Having pictures, gifts and other reminders of the non-custodial parent is very important to your children. We must never forget the connection and allegiance children innately feel toward both of their parents. When one parent is dismissed, put down or disrespected by the other parent, a part of your child is hurt as a result. They also feel that a part of themselves is flawed which creates much internal confusion.

Allow your children to keep their connection with their other parent – and with their past, unless they choose otherwise. If you’re a step-parent, don’t try to replace the birth Mom or Dad. There is room in a child’s heart to embrace and love you, as well, if you earn their trust and respect. You can’t demand or force it.

The woman’s blog post ends by asking us to imagine how we would feel if someone came into our family and discarded all the photos of Mom and Dad together. If we could just put ourselves into our children’s shoes on a regular basis we would avoid so many errors in parenting, and so many psychological scars.

This woman speaks for millions of children of divorce and her message needs to be heard. It’s also another validation for the concept of creating a family storybook when telling your children about the divorce. Showing the kids photos of the family together, during happier times in the past, reminds them that life moves in cycles and there will be good times ahead. It also shows them that they came from love and that love still exists for them – even if Mom and Dad are no longer living together.

Even if you’re long past the actual divorce, looking through family photo albums can spark conversation and sincere communication between you and your children.

Yes, it might bring up some tears and sadness, but talking about those feelings can be healing for everyone. You can also start new photo albums sharing happy times in the present so you can look back upon this chapter in your lives with smiles in the months and years to come. Isn’t this what you want for your family?

Rosalind Sedacca, CCT is a Divorce & Parenting Coach and founder of the Child-Centered Divorce Network for parents. For Rosalind’s free ebook on Post-Divorce Parenting and other valuable resources on divorce and parenting issues, visit http://www.childcentereddivorce.com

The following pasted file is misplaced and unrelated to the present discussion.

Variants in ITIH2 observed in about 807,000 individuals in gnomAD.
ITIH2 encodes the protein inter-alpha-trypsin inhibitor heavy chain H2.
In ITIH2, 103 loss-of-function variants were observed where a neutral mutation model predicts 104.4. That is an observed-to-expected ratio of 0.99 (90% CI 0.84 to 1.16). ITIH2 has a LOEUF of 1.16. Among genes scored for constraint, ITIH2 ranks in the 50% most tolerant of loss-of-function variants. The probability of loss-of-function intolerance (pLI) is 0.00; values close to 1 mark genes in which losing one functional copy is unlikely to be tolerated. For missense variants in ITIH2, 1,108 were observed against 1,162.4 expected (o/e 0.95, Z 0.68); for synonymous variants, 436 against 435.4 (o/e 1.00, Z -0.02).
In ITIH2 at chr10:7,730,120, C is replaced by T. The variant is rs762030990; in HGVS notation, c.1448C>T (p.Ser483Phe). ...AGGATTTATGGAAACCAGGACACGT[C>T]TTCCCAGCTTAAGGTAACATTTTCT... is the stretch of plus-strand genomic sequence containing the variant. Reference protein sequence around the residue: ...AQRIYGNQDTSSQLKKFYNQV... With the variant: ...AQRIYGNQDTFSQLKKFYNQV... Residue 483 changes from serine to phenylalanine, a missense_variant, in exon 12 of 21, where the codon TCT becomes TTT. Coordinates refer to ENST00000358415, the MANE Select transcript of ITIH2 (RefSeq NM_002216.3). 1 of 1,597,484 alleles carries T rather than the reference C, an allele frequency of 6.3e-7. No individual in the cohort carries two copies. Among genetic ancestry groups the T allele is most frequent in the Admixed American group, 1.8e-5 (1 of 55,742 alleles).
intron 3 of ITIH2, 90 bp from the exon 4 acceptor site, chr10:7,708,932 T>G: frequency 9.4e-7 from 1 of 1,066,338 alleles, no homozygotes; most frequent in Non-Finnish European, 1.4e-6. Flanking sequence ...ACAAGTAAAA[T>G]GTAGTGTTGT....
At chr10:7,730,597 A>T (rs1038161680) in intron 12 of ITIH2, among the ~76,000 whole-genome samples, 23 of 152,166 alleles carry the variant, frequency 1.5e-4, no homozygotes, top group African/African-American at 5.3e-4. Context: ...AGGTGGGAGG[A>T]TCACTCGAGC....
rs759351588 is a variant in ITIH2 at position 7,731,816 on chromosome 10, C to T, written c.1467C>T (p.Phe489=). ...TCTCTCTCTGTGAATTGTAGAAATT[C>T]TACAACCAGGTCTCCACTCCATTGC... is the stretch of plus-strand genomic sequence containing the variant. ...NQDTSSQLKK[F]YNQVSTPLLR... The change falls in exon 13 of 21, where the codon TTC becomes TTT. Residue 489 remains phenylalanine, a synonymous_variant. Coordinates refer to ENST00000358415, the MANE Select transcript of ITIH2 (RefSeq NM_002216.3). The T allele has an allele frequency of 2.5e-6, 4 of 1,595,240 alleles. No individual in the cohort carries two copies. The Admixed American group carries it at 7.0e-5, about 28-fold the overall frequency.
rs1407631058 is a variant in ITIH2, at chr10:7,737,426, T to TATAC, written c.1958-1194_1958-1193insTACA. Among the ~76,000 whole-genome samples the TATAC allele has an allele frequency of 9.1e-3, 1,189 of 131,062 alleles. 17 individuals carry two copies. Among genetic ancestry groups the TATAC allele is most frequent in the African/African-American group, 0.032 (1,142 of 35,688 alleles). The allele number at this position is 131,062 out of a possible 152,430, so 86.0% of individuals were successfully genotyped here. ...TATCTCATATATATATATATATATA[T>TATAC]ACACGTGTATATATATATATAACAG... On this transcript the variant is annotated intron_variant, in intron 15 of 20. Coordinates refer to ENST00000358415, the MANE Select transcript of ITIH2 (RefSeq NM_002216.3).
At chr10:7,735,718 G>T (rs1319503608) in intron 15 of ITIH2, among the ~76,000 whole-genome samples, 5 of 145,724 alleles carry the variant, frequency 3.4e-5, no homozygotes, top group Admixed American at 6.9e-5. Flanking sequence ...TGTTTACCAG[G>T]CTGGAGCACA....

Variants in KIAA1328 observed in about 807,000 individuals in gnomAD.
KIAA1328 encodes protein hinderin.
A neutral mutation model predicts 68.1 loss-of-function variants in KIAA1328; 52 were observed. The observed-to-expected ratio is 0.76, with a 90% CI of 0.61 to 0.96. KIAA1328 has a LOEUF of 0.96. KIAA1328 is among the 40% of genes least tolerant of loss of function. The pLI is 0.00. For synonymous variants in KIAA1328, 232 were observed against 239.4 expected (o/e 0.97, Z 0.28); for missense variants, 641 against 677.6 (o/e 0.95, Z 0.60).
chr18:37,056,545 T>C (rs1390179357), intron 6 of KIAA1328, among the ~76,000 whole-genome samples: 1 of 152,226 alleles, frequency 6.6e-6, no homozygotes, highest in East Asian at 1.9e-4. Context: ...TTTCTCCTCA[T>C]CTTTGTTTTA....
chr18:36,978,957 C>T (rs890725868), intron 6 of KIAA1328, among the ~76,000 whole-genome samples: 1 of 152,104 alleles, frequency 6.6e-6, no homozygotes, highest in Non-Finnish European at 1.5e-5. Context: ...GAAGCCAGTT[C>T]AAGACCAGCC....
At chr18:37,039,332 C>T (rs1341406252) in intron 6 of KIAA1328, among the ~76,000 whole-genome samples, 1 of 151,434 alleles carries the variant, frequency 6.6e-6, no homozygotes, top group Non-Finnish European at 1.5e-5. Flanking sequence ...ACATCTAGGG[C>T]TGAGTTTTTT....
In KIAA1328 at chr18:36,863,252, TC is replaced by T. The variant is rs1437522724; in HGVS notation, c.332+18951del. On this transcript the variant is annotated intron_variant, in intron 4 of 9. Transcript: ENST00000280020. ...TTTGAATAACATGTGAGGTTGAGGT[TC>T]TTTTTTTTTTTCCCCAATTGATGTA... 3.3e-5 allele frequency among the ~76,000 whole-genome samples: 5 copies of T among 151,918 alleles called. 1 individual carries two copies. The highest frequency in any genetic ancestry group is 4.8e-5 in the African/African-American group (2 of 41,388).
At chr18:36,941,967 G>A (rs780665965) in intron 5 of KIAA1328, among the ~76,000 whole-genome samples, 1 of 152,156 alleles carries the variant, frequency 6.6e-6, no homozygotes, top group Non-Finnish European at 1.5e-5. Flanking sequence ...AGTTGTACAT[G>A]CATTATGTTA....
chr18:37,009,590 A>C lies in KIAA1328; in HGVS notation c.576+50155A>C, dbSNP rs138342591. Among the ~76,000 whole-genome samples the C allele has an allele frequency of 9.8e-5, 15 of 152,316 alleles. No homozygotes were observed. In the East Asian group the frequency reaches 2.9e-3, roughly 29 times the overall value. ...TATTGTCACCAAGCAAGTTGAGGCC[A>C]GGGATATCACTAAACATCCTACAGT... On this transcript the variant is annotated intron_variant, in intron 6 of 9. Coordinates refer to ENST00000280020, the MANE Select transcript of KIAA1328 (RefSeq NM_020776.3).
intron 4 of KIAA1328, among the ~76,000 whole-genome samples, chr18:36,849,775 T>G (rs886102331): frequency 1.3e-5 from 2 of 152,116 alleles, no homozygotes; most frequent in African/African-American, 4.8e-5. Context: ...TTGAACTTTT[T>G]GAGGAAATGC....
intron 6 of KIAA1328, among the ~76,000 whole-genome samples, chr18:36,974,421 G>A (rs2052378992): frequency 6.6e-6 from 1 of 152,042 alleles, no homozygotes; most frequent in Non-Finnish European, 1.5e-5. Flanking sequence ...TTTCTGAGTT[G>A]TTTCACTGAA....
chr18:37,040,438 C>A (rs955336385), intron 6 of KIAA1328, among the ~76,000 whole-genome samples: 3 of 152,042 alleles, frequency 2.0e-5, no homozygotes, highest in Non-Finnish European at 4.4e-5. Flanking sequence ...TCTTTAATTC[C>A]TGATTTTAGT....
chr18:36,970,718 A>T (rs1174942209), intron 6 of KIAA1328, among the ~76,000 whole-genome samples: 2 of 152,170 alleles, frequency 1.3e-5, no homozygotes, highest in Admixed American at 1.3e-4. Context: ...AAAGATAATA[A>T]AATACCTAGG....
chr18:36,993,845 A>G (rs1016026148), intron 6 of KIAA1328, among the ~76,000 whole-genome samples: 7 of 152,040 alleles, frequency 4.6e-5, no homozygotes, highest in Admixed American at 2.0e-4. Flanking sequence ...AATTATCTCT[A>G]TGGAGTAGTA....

© Rosalind Sedacca  All Rights Reserved

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SHOULD I STAY OR SHOULD I GO?

Sitting in no man’s land – woman’s land in this instance!

It’s the mental and emotional struggle when one partner in a relationship will spend countless hours, months and sometimes years going over and over in their minds, talking to friends trying to answer the question ‘Should I stay or should I go?’

I know for sure that I am not the only person to ask myself that very question.  And I’m pretty certain that many happy couples do as well.

I played this very same question in my mind over and over again and one day I heard Mira Kirshenbaum, the author of “Too Good To Leave, Too Bad to Stay,” being interviewed on the radio and it was as if she was speaking directly to me.

I had a good husband, a beautiful family, a great lifestyle and on the surface everything looked perfect.  When you have worked hard at keeping a relationship together over a number of years, life is pretty good, family and friends are important then why would a question like this keep bubbling to the surface.

If you are feeling like this then perhaps your partner is also feeling the same way. We all go through periods of doubt and frustration with different aspects of our relationships whether it is with a significant partner, family or friends. Relationships need to be nurtured through open, honest and clear communication and unfortunately so many of us are sadly lacking in the ability to do this.

My partner and I talked more when we were separating than we had done in years.  If we had done that through our married life things may have turned out very differently.

Over the past several years and a couple of other relationships I began to recognise a pattern.  I was the Queen of Assumptions.  I assumed that my boundaries were obvious.  That what I said was understood. That I understood the meaning behind what my partner said. That my expectations were very clear.  That my deal breakers, well clearly deal breakers they should just know what these are, right.

There are some things you can do to help yourself and a good place to start is by asking yourself some better questions.

  • What do I want?
  • What am I looking for that I don’t have now?
  • What is missing in this relationship for me?
  • What is it about me that is bringing up these feelings and thoughts?
  • What have I been avoiding?
  • When did I stop asking for what I want?
  • When did I stop listening?
  • Is it possible for me to have what I want in this relationship?
  • Where have I placed responsibility for my happiness on someone else?
  • Is there a pattern that seems to be consistently showing up in other areas of my life?
  • If I am really honest with myself what other things have I just accepted in my life?
  • What things have I taken for granted?